Ben Carson Clarifies … Kinda

Ben Carson took a lot of flak for a comment he made about slavery and immigration on Monday. In turn, when I highlighted his comment, some readers of this blog, reflecting their own assumptions, went off on what I conclude was a Rorschach test of reading and reacting to blog posts.

Even Ben Carson understood he had to clarify what he meant. On his Facebook page, he did so:

Carson FB slavery

If only he had stopped there … because, afterwards, in chatting with Armstrong Williams, a conservative commentator, Carson observed: “Slaves came here as involuntary immigrants.” That drew renewed criticism in some corners.

I’m inclined to give Carson the benefit of the doubt here, because the modifier represents an important advance. The same could be said of the formulation Barack Obama used, because, contrary to some careless readers (I’m being kind here), he did not simply declare that slaves were immigrants.

In short, Dr. Carson now admits he could have spoken better, and he’s offered observations that ought to be heeded by his defenders here and elsewhere. Let’s see whether they are as big as he is, or whether they wish to go the way of, say, someone who resides in Virginia Whine Country, where heritage correctness and right-wing opinions always trump historical accuracy and objectivity in what amounts to a mindless clipping service of the blogger’s referred political reading pretending to be a blog about history.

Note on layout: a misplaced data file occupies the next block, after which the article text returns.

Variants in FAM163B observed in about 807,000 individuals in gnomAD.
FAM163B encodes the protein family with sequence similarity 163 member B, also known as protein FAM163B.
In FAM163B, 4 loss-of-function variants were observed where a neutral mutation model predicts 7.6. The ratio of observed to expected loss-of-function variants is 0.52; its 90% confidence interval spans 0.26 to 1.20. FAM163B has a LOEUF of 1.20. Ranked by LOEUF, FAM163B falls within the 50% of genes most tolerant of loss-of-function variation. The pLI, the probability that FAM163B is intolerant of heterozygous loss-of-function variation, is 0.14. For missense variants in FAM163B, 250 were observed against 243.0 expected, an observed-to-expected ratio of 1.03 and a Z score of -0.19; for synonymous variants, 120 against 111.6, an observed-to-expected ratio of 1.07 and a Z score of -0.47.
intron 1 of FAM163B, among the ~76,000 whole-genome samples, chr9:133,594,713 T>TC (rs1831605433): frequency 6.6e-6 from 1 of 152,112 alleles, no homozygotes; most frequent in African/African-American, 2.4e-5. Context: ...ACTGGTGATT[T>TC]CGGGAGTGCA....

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Confederate Heritage Advocate Faces Serious Jail Time

On Thursday, March 9, a Stafford County jury recommended that Confederate heritage advocate Jason Sulser spend the next 127 years in jail for charges connected with the possession of child pornography.

Stafford County, just north of Fredericksburg, hosts one of the Virginia Flaggers’ prime achievements: a large Confederate flag flies along I-95 above land rented from just the sort of person who supports the Virginia Flaggers.

Confederate heritage supporters, especially the Virginia Flaggers and people who sometimes pretend to speak for them, have been very quiet about Mr. Sulser, in marked contrast to their outbursts in other matters. However, one can recall when Susan Hathaway welcomed Mr. Sulser’s support.

Let the usual distancing and obfuscation commence. It is interesting, however, to observe the types of people with whom Susan Hathaway and the Virginia Flaggers do business. Think Susan will visit Jason in his cell?

After all, he’s a sweet Southern boy.